Skip to content

Artificial Intelligence in the GDPR

The House of Data Imperiali bulletins are excerpts from the articles of the Legal Information Service (SIG) edited by Mr. Rosario Imperiali d’Afflitto.

The SIG is available by subscription only.

For further information, please email: segreteria@imperialida.com

Artificial Intelligence in the GDPR

EU Data Strategy

The proposal for an Artificial Intelligence Regulation is part of the broader EU data strategy that has already produced a large number of regulations aimed at creating a single European data market:   

  • the Data Governance Act and the Data Act, which aim is to facilitate the free movement of data;   
  • the Digital Service Act and the Digital Market Act, which create the conditions for reliable online markets and services.

The NIS2, a proposal for a directive that modernizes the framework of rules on cybersecurity, and EIDAS, the regulation on digital identity, whose updating is being evaluated, complete the package.  

This regulatory framework is complemented by the one for the protection of the fundamental rights and freedoms of individuals in relation to the use of personal data and electronic communications, which has priority, as a direct application of the Charter of Rights and Article 16 of the Treaty on the Functioning of the EU.

GDPR and A.I.

As the President of the Italian data protection Authority pointed out in his hearing, the only legislation that currently regulates artificial intelligence is the GDPR and, even after the future Artificial Intelligence Act (“AIA”) comes into force, the “privacy” regulation is destined to remain the one that will need to be referred to in cases where algorithms use personal data or when they produce information referable to individuals.

GDPR Primacy

For this reason, the AIA cannot be the legal basis (i.e., the legal justification) for processing of personal data carried out using AI tools: such processing must always be screened «in accordance with the applicable requirements resulting from the Charter and from the applicable acts of secondary Union law (such as the GDPR) and national law »; with the sole exception of processing of personal data collected for other purposes, as for the development of certain artificial intelligence systems in the public interest “within the regulatory AI sandboxes“. “Regulatory AI sandboxes – the objective of which is to promote innovation in AI – are those «established by one or more Member States competent authorities or the European Data Protection Supervisor (which) provide a controlled environment that facilitates the development, testing and validation of innovative AI systems for a limited time before their placement on the market or putting into service pursuant to a specific plan.» [Recitals (41) and (72) and Articles 53-54, AIA].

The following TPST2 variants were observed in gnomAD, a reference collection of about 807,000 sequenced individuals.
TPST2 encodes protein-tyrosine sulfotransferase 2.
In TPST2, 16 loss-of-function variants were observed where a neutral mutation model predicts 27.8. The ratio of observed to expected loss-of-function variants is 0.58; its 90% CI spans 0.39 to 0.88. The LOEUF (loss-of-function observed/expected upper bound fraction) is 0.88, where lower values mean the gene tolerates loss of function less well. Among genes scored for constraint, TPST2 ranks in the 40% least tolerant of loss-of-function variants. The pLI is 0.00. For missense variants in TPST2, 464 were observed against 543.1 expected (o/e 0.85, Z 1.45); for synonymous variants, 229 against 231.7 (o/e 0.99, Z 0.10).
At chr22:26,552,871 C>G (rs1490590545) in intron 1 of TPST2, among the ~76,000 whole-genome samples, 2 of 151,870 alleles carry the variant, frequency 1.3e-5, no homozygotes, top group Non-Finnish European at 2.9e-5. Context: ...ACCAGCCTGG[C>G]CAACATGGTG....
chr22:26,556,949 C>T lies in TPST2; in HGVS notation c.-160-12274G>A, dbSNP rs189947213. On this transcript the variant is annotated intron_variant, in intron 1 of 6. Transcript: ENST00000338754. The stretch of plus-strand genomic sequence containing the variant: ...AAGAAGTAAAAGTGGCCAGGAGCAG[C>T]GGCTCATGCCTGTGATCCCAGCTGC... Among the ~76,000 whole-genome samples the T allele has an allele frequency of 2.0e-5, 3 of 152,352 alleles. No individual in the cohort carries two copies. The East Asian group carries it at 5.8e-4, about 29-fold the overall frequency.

Human-Centric approach

Recital (4) of the GDPR makes it clear that “[t]he processing of personal data should be designed to serve mankind.” Similarly, the framework regulating artificial intelligence systems is based on an anthropocentric philosophy (see, Commission document “Building Trust in Human-Centric Artificial Intelligence, COM(2019) 168 final).

Ethics

According to the 2019 “Ethical Guidelines for Trustworthy AI” document from the High-level Expert Group on Artificial Intelligence, trustworthy AI is based on three components:  

  1. Lawfulness, i.e., complying with all applicable laws and regulations  
  1. Ethicality, ensuring adherence to ethical principles and values  
  1. Robustness, both from a technical and social perspective to avoid the risk of distorting effects and abuse.  

The three components are complementary. From an ethical standpoint, the document promotes adherence to the following principles:  

  • respect for human autonomy, i.e., humans do not delegate their responsibilities to machines  
  • recognizing risks and taking appropriate measures to mitigate them, preventing damages 
  • explicability of the underlying logical mechanisms  
  • attention to the most vulnerable groups.  

The GDPR, for its part, elevates transparency and fairness to general principles of lawfulness in the processing of personal data.